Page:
Can China isolate itself from global financial risks?

By Yi Xianrong Source:Global Times Published: 2018/8/20 23:03:39

Illustration: Luo Xuan/GT

The Turkish lira crisis has continued to worsen, shaking global stock markets as well. Asian and emerging markets were damaged the most, and the damage also spread to the US stock market.

The US economic sanctions were the last straw in crashing the Turkish currency. Most people believe that US President Donald Trump chose Turkey as the target because he had done the math. As such a small entity, a collapsed Turkish economy would have only a limited impact on the world.

Also, the aggregate weight of Turkish companies in the MSCI Emerging Markets Index is still low. There was not expected to be any spillover effect. Plus, emerging markets' economic fundamentals have been well off compared with the past.

Most of these countries have managed to keep current account deficits, government borrowing in foreign currencies and inflation within targeted intervals. These all ease the consequences of the lira crisis.

Despite this line of reasoning, it is still uncertain whether the Turkish lira crisis will trigger financial crises among the emerging countries or even on the global level. The global economy and financial integration have reached a peak with algorithmic trading. The market response to a major event cannot be predicted solely by indexes. An economic shock seems inevitable.

The lira crisis continues. The lira has constantly hit new lows against the US dollar, and other emerging market currencies slid as well.

The internal reason - a fragile Turkish economy - is the main cause, aside from the US sanctions. So an impact on emerging markets is unlikely to be averted since the Turkish economic situation will take time to fix.

Turkish President Recep Tayyip Erdogan has adopted economic reforms since he assumed Turkey's prime minister in 2003. Turkey's economy was on the fast track, but its economy relied on heavy borrowing, leveraged by local governments, banks and enterprises. When global quantitative easing brought down financing costs, a massive amount of dollar-denominated bond issues followed.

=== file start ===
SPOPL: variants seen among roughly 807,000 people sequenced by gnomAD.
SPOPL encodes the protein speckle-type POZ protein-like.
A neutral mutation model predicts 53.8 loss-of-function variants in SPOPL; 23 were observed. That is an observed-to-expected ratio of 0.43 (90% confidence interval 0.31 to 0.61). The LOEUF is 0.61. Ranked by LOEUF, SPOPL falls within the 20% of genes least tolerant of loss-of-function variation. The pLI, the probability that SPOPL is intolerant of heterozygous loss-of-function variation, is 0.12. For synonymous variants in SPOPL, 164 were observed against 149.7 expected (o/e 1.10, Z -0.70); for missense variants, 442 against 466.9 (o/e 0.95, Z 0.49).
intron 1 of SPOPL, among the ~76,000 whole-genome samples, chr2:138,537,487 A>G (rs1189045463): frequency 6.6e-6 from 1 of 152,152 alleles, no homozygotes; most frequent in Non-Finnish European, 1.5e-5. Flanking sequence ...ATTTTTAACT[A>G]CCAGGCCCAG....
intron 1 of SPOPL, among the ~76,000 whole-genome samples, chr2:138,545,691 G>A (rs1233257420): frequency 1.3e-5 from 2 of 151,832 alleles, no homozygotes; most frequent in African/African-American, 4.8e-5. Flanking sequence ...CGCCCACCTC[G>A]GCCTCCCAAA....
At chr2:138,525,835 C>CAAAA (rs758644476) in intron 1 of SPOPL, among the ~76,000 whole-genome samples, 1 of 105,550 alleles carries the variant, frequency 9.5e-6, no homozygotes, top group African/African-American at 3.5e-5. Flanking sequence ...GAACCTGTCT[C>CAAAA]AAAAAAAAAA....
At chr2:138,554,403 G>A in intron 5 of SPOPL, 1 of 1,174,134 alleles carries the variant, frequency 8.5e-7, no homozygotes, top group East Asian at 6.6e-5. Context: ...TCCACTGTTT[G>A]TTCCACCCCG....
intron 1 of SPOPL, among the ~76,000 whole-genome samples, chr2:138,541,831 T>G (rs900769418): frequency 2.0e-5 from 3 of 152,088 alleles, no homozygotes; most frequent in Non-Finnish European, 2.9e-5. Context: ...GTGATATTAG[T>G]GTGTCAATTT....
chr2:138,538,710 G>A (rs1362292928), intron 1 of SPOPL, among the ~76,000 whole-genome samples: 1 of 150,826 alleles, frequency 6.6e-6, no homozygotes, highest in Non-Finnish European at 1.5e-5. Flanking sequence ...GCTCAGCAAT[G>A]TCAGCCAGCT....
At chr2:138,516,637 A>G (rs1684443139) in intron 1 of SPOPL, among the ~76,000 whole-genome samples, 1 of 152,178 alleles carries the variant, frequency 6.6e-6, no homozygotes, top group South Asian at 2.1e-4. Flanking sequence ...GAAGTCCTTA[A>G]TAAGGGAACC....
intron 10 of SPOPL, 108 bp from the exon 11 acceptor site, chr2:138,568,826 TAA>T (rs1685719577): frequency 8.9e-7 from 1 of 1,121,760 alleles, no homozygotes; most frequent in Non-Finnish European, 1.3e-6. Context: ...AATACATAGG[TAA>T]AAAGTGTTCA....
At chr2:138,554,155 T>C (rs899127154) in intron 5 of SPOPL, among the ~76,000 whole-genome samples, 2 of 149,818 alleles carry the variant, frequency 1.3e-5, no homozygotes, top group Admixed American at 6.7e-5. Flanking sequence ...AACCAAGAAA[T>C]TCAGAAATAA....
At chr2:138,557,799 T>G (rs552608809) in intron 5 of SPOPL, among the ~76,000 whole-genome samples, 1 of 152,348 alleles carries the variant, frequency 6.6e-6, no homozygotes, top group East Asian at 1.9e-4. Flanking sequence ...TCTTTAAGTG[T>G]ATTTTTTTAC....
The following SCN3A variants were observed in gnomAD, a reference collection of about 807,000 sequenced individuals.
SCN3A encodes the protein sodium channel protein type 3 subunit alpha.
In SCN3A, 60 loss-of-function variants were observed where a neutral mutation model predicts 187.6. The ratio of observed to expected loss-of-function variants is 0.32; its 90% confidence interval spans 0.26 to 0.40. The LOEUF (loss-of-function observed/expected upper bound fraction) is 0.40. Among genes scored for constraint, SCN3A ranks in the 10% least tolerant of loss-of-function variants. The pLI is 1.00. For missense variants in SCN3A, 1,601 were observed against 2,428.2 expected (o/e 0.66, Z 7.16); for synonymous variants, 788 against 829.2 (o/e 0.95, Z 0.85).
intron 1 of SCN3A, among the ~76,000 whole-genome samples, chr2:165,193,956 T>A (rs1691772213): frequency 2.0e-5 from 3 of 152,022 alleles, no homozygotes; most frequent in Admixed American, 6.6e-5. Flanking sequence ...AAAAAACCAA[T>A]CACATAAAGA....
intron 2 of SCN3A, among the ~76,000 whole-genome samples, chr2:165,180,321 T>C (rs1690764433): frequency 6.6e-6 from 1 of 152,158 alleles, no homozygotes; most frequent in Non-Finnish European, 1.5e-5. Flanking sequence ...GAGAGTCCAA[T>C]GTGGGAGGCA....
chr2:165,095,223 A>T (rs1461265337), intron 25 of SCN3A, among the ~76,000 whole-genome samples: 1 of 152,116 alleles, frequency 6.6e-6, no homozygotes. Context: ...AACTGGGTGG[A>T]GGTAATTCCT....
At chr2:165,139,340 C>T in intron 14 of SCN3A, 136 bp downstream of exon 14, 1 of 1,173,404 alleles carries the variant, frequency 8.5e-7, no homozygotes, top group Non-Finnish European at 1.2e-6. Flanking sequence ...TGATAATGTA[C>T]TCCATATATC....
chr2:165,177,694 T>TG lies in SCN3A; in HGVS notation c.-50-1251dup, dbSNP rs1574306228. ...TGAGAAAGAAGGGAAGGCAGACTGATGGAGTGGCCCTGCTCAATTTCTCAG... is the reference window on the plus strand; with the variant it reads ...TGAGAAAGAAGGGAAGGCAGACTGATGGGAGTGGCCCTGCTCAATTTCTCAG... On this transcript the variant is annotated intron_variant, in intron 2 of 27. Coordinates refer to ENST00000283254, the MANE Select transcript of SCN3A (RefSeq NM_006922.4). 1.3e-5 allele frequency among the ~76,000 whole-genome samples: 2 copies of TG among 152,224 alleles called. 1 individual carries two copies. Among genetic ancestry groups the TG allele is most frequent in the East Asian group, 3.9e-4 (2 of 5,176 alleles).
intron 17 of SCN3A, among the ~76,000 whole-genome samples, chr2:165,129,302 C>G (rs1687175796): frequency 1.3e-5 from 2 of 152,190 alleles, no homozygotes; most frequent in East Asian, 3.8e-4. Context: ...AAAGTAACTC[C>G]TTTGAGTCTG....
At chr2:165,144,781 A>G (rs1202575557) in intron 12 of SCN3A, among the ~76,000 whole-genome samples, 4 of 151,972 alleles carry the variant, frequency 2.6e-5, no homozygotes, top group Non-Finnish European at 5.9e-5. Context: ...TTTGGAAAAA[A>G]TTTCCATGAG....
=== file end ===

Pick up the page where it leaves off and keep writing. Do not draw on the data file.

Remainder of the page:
While pumping up economic growth, the negative side effects are also obvious. Government spending has largely exceeded income. Together with fiscal and current account deficits, this will easily push up inflation and worsen the real economy.

The worsening real economy, the US dollar getting stronger since earlier this year and Turkey again failing to get accepted by the EU have all generated a negative influence. The government could not produce the monetary and economic policies that were expected.

Investors lost confidence, resulting in capital outflows. Some short-term measures can be used such as tightening monetary policy and foreign exchange restrictions. But lifting the Turkish economy from rock bottom will not be easy. The current crisis will need deep reform to cure fundamental economic fragility.

This means a lot to China. Since China-US trade friction erupted, there have been calls within the country for ramped-up institutional reforms of China's financial management system to win the trade dispute. To live up to ideals within a brief period is not an easy undertaking, especially when China's financial system remains fragile.

In recent years, there have been signs of monetary easing in China, exacerbating its financial market fragility. Therefore, the government has put a priority on preventing systemic financial risk since last year. But in the wake of the trade spat between China and the US, there has been a shift toward monetary easing again as the country works to tackle the dispute. This will naturally affect a comprehensive overhaul of China's fragile financial system. As a consequence, systemic financial risk may easily affect China at any time.

Furthermore, it's not easy for China to isolate itself from risks brewing in the global financial markets amid economic globalization and financial integration. The yuan's rapid depreciation against the dollar appears to be offsetting rising export costs caused by higher tariffs imposed by the US. But this has surely triggered capital outflows and yuan sell-offs in the offshore market.

Viewing the yuan's conspicuous slide, the government tends to believe in its capacity to curb capital outflows, which might not be an easy task. An excessive yuan depreciation would intensify the fragility of China's financial market.

The China-US trade dispute has mostly affected China's stock markets. The key Shanghai Composite Index has shed about 20 percent so far this year, indicating a bear market on the Chinese mainland. In contrast, Indian and US stocks have continued an upswing.

It's not just a stock index's performance that matters, but how investor confidence in a bear market could be restored. If investors lack confidence in a stock market, a country's financial system will become even more fragile.

Turkey's currency crisis has offered a clue: It's most important to improve China's financial system to isolate the country from international market turbulence. 

The author is a professor with the School of Economics at Qingdao University.


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